6 Impact on social, emotional and behavioural difficulties (SEBD) For students with SEBD, there is strong evidence of unrecognised communication needs; affecting between 55% and 100% 17 of this group. There is also evidence that those with undetected communication needs may be at greater risk of exclusion from school. 18 Support for social and emotional development, through initiatives such as the Social and Emotional Aspects of Learning (SEAL) programme 19 rely heavily on the ability to listen, understand and communicate effectively. These can be inaccessible to those with SLCN as there is a strong link between language and emotional development Other things to consider Teacher knowledge Many teachers express a lack of confidence in delivering a lesson through oral activities and in assessing a student s ability to speak and listen effectively. 21 This means that they are not always able to recognise or accommodate the needs of their students with SLCN. 22 This is a huge learning curve for me. Nobody has ever explained it to me, I m just picking it up from reading and just being aware. Senior manager 23 There is also concern around where teaching of these skills can fit into a busy curriculum. However, the focus on personalised learning as the best means to address the needs of every learner does give teachers more flexibility. 24,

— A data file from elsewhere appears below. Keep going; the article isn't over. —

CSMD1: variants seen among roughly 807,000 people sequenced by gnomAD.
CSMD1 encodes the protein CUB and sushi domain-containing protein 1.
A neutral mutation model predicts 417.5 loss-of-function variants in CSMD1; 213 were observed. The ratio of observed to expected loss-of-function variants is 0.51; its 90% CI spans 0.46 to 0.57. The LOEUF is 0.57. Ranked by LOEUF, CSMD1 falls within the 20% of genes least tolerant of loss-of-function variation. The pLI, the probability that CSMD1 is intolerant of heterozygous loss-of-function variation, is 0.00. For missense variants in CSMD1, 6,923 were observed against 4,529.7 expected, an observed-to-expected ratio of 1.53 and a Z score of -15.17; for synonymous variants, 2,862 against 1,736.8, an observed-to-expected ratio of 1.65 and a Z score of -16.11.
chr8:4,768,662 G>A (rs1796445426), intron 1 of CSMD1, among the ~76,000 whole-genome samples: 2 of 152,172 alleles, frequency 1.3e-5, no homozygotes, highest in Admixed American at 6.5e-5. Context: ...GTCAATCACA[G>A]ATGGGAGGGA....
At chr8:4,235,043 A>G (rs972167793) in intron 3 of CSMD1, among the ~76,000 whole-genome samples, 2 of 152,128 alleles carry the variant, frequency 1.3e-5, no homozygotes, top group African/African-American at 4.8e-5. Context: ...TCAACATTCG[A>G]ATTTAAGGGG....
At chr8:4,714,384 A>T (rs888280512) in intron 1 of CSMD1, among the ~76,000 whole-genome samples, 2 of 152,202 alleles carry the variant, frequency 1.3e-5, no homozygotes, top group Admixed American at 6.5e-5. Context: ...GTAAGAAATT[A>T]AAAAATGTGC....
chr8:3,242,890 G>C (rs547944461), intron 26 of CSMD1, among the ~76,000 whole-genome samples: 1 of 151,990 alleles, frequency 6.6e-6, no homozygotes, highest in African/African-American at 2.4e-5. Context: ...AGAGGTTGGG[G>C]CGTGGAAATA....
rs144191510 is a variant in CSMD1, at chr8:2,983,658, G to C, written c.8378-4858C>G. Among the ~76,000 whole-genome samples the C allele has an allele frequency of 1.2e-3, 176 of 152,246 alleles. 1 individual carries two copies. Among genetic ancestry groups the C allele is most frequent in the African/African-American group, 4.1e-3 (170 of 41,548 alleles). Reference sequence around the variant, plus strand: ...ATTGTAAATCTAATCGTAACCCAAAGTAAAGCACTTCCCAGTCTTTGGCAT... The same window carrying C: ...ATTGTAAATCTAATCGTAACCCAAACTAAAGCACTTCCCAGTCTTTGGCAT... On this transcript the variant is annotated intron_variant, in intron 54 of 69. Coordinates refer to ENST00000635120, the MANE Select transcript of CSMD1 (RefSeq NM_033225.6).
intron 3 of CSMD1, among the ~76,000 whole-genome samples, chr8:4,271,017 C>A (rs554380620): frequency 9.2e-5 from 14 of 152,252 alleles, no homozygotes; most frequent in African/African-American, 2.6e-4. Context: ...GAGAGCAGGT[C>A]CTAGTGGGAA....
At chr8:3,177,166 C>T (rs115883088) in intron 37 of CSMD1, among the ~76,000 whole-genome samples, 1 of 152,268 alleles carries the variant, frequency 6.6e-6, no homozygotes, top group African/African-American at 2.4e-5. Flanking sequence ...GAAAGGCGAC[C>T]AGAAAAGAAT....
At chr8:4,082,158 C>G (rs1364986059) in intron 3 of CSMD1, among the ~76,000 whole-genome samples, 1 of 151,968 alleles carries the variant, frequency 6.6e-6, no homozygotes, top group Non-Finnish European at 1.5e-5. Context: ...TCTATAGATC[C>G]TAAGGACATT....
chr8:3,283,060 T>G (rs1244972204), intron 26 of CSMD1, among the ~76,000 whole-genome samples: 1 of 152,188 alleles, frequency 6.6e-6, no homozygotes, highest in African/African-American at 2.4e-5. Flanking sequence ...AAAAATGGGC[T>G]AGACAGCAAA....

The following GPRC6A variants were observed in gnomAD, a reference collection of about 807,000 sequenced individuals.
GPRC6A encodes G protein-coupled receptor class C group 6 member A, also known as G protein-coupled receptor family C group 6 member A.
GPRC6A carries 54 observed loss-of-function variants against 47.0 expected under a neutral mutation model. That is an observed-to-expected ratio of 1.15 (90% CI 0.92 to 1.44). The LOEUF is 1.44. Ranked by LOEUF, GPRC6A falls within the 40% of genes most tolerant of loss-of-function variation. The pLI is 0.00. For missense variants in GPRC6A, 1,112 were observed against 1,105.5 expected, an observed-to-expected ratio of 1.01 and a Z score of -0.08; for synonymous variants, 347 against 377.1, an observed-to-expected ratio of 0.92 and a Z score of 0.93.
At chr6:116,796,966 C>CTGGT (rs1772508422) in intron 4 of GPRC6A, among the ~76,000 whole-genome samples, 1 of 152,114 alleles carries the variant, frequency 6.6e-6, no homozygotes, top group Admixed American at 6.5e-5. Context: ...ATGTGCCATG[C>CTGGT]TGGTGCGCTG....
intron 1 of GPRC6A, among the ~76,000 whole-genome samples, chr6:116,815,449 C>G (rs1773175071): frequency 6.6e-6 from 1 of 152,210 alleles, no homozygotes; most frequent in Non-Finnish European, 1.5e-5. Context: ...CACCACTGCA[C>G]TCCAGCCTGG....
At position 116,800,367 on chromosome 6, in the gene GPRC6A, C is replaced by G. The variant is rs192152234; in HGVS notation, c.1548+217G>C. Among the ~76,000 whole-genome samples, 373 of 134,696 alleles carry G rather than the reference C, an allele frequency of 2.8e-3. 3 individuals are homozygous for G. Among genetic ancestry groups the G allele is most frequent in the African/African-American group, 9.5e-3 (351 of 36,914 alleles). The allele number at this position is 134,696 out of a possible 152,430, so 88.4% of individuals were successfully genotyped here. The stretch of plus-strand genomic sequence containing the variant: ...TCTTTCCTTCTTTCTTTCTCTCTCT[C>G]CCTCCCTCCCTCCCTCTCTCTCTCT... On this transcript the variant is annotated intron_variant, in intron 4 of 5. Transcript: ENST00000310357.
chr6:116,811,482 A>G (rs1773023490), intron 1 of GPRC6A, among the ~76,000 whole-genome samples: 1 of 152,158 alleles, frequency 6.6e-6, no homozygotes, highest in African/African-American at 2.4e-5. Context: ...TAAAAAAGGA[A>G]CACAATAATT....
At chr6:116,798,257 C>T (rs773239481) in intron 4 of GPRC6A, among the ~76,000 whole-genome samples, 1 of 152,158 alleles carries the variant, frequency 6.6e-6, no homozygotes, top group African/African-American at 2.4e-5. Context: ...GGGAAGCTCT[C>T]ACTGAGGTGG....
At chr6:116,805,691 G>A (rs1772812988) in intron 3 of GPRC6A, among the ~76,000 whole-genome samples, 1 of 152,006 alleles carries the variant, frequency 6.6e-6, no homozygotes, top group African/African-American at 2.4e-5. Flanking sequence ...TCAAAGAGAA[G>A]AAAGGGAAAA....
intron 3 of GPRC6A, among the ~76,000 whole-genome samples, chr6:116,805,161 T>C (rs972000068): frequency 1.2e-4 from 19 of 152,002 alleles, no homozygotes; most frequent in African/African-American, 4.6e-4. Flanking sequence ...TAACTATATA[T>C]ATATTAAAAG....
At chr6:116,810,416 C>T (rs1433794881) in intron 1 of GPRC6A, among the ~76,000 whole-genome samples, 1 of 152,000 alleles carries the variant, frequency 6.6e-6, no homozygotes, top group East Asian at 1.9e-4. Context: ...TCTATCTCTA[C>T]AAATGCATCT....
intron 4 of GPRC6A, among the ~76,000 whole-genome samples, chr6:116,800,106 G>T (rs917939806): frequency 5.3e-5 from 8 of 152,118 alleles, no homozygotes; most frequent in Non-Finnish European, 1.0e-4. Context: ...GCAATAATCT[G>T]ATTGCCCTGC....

7 Young people Young people view communication and interpersonal skills as the most important and essential life-skills. 26 Probably better off learning about that than a lot of things you learn at school, cos you re guaranteed to use it, you know. student 27 However, secondary aged students also put communication at the top of the list of problems they encounter at school. 28 The Communication Trust recommends the following when developing ways to support all children s communication development and support children with SLCN in particular. The Communication Trust Suggest Whole school audit Aim To identify good practice and areas for improvement; e.g. systems for identifying children and young people with SLCN, links with specialist services; continued professional development/ resources/strategies for staff The Trust has identified ways to support effective continuing professional development (CPD) for staff in secondary schools. CPD and training should: be developed and delivered by appropriately qualified and experienced professionals have clear, defined learning outcomes be evaluated recognise a range of learning styles and preferences support learners to transfer knowledge and skills into practice where possible and suitable, be collaborative provide links to further information, resources or support to facilitate ongoing learning be evidence-informed link to The Communication Trust s Speech, Language and Communication Framework which can be found at: A school environment that supports communication Staff able to recognise young people who are struggling For staff to be aware of the importance of language and communication, encourage development of these skills and be able to adapt their language To enable targeted support and referral to specialists, including speech and language therapy services, where appropriate The Trust commissioned Professor Sue Roulstone and Anne Ayre from the University of West England to talk to a number of schools to find out what mainstream teachers needed to support children with SLCN who were moving from primary school to secondary school. The report looks at existing resources and gives recommendations for the development of future resources, which the Trust is following up on. This report is available to order or download from our website